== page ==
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Title: Lesson Plan on:


Lesson Plan on The Age of
Enlightenment Reason (1715-1800)
Locke Voltaire Rousseau

Prepared by Mr. Bierschbach
Jefferson Hobbes Diderot Mozart
Franklin Bach
Enlightenment or Age of Reason
Hobbes writes Leviathan
Lockes Second Treatise of Government
Terms to define ? Natural laws (tabla rasa) ?
Social contract ? Philosophe ?
Laissez-faire ? Free market
Montesquieu writes The Spirit of the Laws
Voltaires Candide
Rousseau writes The Social Contract
People to meet ? Franklin ?
Delacroix ? Hobbes ? Locke ? Rousseau
? Montesquieu ? Jefferson ? Voltaire ?
Delacroix ? Diderot ? Bach ?
Mozart ? Catherine the Great
Denis Diderot distributes his Encyclopedia
Diderot Encyclopedia
  • Voltaire
  • Candide

Hobbes Leviathan
Baroque Rococo
Philosophers Writers
  • Montesquieu
  • Spirit of the Law

Enlightenment France, England America
Locke Rousseau Social Contract
Music Bach Mozart
Franklin Poor Richard's Almanac
Writers, Diplomats, Inventors
Jefferson Declaration of Independence
What caused the age of enlightenment ?
Enlightenment grew out of the scientific
revolution of the 1500s and 1600s.
Scientific successes created great confidence
in the power of reason. If people could
use reason to find laws that governed the
physical world (physical sciences), why not
use reason to discover natural laws --- or
laws that govern human nature. Why not
use reason to change human society? Through
reason, insisted enlightenment thinkers,
they could solve every social, political,
and economic problem.
Thinker Major Ideas Quotation
Connection to US
Social concept but NOT absolute monarchy.
Hobbes People are driven by
selfishness greed. To avoid chaos,
a brutish life, people
enter a social
contract --- giving up their
freedom to a govt that will
ensure order. Such
a powerful govt
absolute monarchy must be
strong able to suppress

People are naturally cruel, greedy,
selfish. Life in a state of nature would be,
solitary, poor, nasty, brutish short.
Publication Leviathan
Thinker Major Ideas Quotation
Connection to US
Men being by nature all free, equal,
independent, no one can be put out of
this estate subjected to the political
power of another with-out his own consent.
Ideas influenced authors of the
Declaration of Independence. .
Locke People have a natural right to
life, liberty,
property. Rulers have a
responsibility to protect those
rights. People have
the right to change a
govt that fails to do so.
Publication Treaties of Govt
Thinker Major Ideas Quotation
Connection to US
Montes- quieu
The powers of govt should be separated
into executive, legislative, judicial
branches, to prevent any one group from
gaining too much power.
In order to have liberty, it is necessary
that govt be set up so that one man
need not be afraid of another.
His ideas about separation of powers
greatly influenced the Framers of the U.S.
Publications Persian Letters Spirit of
the Laws
Thinker Major Ideas Quotation
Connection to US
Rousseau People are basically
good but become
corrupted by society.
In an ideal society,
people would
make the laws would
obey them willingly.
Only the general will can direct
the energies of the state in a manner
appropriate to the end for which it was
founded --- i.e., the common good.
Rousseau has been hailed as the champion of
democracy for his idea that political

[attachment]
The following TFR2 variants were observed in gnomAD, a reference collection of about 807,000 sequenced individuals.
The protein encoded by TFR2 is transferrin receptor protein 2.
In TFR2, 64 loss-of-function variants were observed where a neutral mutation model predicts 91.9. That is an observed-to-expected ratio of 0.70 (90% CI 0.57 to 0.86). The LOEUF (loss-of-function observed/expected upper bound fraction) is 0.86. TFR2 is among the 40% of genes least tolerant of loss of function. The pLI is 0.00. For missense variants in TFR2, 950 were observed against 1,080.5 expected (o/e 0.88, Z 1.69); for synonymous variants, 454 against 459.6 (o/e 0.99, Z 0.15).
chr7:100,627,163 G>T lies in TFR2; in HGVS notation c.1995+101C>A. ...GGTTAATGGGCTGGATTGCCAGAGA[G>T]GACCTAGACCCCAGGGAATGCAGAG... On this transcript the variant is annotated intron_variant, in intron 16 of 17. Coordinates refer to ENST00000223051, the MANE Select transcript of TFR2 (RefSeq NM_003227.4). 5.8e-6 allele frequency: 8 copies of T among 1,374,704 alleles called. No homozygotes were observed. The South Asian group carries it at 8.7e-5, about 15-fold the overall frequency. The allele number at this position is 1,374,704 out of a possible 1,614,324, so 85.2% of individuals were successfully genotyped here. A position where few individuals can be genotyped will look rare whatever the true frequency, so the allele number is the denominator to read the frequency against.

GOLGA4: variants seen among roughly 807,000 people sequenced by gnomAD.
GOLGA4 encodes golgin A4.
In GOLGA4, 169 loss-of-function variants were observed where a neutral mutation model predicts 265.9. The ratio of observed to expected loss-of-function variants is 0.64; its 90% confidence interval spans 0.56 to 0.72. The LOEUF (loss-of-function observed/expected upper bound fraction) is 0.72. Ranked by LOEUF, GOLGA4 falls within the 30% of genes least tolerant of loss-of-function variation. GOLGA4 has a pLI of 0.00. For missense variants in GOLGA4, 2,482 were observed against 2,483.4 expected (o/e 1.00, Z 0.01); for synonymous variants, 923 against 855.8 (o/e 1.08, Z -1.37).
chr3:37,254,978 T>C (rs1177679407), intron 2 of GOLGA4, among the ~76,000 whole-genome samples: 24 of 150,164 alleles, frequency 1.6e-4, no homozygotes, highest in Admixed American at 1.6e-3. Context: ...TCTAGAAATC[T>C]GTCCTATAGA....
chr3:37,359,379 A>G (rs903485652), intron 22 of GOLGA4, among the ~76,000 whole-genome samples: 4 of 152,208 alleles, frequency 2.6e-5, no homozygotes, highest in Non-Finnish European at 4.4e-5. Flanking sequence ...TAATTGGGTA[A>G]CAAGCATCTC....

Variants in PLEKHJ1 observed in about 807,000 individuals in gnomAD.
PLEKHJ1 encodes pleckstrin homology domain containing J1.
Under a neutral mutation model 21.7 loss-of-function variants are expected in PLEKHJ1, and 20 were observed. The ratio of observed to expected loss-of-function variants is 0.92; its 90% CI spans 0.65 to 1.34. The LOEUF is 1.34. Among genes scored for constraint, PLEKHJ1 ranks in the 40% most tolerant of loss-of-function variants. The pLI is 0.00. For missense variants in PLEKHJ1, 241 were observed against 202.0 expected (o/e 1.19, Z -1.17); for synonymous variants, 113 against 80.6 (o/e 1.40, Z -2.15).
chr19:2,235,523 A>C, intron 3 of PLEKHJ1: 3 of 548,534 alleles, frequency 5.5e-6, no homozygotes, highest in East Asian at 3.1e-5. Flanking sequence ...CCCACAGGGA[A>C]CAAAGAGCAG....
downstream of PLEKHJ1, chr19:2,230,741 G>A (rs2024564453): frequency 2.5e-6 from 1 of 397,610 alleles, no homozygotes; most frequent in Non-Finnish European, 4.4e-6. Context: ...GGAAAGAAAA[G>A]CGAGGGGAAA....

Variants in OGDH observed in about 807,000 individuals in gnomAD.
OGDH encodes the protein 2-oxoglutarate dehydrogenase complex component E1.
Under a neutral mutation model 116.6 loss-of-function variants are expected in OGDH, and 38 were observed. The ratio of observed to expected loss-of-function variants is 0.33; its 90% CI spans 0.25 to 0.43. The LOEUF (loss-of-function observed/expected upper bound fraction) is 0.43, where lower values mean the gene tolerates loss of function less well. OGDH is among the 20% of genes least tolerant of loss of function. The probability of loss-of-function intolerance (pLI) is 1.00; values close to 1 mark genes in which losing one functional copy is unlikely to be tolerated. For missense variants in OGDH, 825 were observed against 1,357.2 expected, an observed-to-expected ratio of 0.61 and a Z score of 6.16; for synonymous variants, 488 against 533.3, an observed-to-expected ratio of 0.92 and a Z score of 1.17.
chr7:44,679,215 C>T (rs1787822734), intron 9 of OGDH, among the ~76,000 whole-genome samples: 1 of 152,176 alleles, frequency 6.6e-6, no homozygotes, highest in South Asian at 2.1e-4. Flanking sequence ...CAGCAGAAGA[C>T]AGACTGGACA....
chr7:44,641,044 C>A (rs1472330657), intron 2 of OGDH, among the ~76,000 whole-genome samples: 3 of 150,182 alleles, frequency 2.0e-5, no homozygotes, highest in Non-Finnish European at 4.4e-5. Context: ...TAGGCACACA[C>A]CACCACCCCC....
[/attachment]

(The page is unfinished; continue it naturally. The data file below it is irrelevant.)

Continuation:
authority lies with the people. -- Also,
pushed social contract.
Publications Social Contract Emile
Three views of the Social Contract
(Hobbes, Locke Rousseau)
Social Contract Theory Beginning in the
1600s, Europeans challenged the rule of
sovereigns who ruled by divine right. They
were often supported by the writings of
philosophers (philosophes), who believed that
the origin of the state was in a social
Thomas Hobbes Nasty, brutish
Thomas Hobbes in England was one of the
first to theorize how the social contract
came about. He wrote that in a state of
nature, no government existed. Without an
authority to protect one person from
another, life was cruel, brutish, and
short. Hobbes wrote his ideas in a work
entitled Leviathan. Hobbes argued that
people were naturally cruel, greedy,
selfish. If not strictly controlled, they
would fight, rob, and oppress one another.
To escape this, people entered a social
contract, an agreement by which they gave
up the state of nature for an organized
society. Hobbes believed that only a
powerful government could ensure an orderly
society. Such a govt was an absolute
monarchy, which could impose order and
compel obedience. Not surprisingly, Hobbes
supported the Stuart kings in their
struggle against parliament. ---- Was this
an enlightened view ?
The English philosopher Thomas Hobbes also
stressed governmental power. In his political
treatise Leviathan (1651), the English
philosopher Thomas Hobbes compares the state,
with its innumerable competing members, to the
largest of natural organisms the whale, or
leviathan. By this analogy Hobbes argued that
the state, like the whale, requires a single
controlling intelligence to direct its
motion. His major work, Leviathan, argued
that the sovereign's power should be
unlimited, because the state originated in
a so-called social contract, whereby
individuals accept a common superior power
to protect themselves from their own
brutish instincts and to make possible the
satisfaction of certain human desires.
Two views of the Social
  • John Locke
  • John Locke took the social contract a
    step further.
  • John Locke had a more optimistic view of
    human nature. People were basically
    reasonable and moral, he said. Further,
    they had natural rights. Or rights that
  • belonged to all humans from birth. These